Grace Clinton, director of business development and special events at Helping Hands Humane Society, answered questions about this year’s event.

Could you share Bone Appetit’s history along with its purpose and goals?

Since 2001, Bone Appétit has been our annual dinner and gala fundraiser to help the homeless animals in the Shawnee County community and the greater area of northeast Kansas. This essential fundraiser helps our organization care for over 6,000 animals who come through HHHS’s doors each year, and allows us to celebrate the human-animal bond with our supporters. These funds are vital to continuing our lifesaving mission.

When does this year’s event take place? How has COVID-19 changed this year’s event?

This

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Former N.J. law firm office manager stole over $100K from employer, prosecutor says

The former office manager of a Wall Township law firm was arrested Friday after an investigation revealed she stole over $100,000 from her employer, authorities said.

Patricia Vaughn, 62, of Toms River, was charged with theft and released on a summons, Monmouth County Prosecutor Christopher J. Gramiccioni announced Monday.

The investigation began in January after the Monmouth County Prosecutor’s Office was contacted by the Wall Township Police, who had received a theft report from the owner of the firm stating Vaughn had stolen funds, according to a release from the office.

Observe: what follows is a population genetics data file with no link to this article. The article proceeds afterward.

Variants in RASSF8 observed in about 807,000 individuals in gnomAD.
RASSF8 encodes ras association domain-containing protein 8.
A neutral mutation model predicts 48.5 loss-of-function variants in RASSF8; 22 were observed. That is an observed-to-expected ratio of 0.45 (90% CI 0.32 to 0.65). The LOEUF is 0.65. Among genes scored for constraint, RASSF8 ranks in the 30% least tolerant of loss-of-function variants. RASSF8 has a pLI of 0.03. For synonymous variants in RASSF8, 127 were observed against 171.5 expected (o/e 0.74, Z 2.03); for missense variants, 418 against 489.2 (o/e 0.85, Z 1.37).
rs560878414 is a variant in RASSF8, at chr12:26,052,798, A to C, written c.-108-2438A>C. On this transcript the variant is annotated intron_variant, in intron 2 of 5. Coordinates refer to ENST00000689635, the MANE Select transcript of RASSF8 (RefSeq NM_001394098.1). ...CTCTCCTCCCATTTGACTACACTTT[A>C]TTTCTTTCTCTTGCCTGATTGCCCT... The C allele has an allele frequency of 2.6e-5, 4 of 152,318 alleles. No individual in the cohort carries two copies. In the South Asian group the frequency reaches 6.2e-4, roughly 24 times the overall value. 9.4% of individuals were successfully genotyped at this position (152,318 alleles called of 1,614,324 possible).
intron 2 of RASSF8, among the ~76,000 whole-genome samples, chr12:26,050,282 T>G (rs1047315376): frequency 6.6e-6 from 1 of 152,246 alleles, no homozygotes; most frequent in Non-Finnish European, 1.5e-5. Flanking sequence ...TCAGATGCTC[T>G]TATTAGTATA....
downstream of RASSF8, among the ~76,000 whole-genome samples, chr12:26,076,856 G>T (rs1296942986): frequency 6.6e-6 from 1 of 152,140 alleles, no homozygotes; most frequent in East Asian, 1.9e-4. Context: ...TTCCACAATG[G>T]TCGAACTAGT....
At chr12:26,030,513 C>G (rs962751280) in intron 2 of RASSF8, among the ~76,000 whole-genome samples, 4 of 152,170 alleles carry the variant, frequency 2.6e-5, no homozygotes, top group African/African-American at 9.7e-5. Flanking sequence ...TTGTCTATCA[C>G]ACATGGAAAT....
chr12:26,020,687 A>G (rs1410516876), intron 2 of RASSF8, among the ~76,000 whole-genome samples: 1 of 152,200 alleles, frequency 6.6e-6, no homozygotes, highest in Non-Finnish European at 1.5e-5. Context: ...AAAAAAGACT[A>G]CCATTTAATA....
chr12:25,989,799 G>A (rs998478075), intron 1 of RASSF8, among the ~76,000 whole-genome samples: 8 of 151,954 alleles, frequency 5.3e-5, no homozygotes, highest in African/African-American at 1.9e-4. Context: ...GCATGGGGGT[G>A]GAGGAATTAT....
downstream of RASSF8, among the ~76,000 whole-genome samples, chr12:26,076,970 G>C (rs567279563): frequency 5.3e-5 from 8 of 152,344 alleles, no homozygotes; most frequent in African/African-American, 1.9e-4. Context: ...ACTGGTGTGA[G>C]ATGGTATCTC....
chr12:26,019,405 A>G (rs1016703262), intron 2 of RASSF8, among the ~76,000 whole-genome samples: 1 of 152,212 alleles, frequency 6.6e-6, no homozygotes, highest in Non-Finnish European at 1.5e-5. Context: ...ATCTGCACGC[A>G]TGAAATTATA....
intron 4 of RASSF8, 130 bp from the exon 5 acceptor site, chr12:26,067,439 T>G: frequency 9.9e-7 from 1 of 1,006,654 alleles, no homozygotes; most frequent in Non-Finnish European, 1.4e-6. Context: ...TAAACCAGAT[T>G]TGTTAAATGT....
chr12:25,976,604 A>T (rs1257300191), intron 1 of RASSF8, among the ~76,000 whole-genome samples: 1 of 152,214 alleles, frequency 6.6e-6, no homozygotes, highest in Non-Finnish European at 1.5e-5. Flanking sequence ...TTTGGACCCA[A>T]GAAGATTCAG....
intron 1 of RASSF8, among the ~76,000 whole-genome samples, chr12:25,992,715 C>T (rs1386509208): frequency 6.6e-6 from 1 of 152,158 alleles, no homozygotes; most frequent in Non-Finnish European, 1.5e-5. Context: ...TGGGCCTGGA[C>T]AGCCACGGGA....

Investigators combed through various business and personal accounts related to the law practice and found numerous unauthorized transfers from the accounts to the firm’s operating account that were made by Vaughn from 2011 through 2019, the office said.

Vaughn hid these transfers by creating false bank statements and used the money she added to the operating account to give

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Federal government says it will not pay fines for Portland courthouse fence

The U.S. Department of Homeland Security will not pay the multi-million dollar fines it owes to two Portland bureaus for erecting an iron fence around the federal courthouse in the city.



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In letters to the Portland Bureau of Transportation and the Bureau of Environmental Services obtained by Pamplin Media, Federal Protective Service Assistant Director David A. Hess claimed the U.S. Constitution’s Supremacy Clause absolves the agency from city fines.

“The Federal Government is absolutely immune from fines or penalties issued by local governments unless there is a clear waiver of sovereign immunity by Congress,” Hess wrote. “There has been no such waiver here.”

The PBOT originally fined the federal government for blocking city bike lanes with the security fence it set up around the Mark O. Hatfield Federal Courthouse during this summer’s protests.

At a rate of $500 every 15 minutes, or $48,000

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Government made mental health and domestic violence worse during COVID-19 pandemic

The U.S. reaction to the COVID-19 pandemic has negatively affected Americans more than the virus itself. It’s been well-documented that large percentages of businesses will fail, including some even in the medical profession due to the decimation caused shutdowns and essential procedure orders — but three of the most overlooked negative impacts of the shutdowns have been mental health, drug abuse and domestic violence.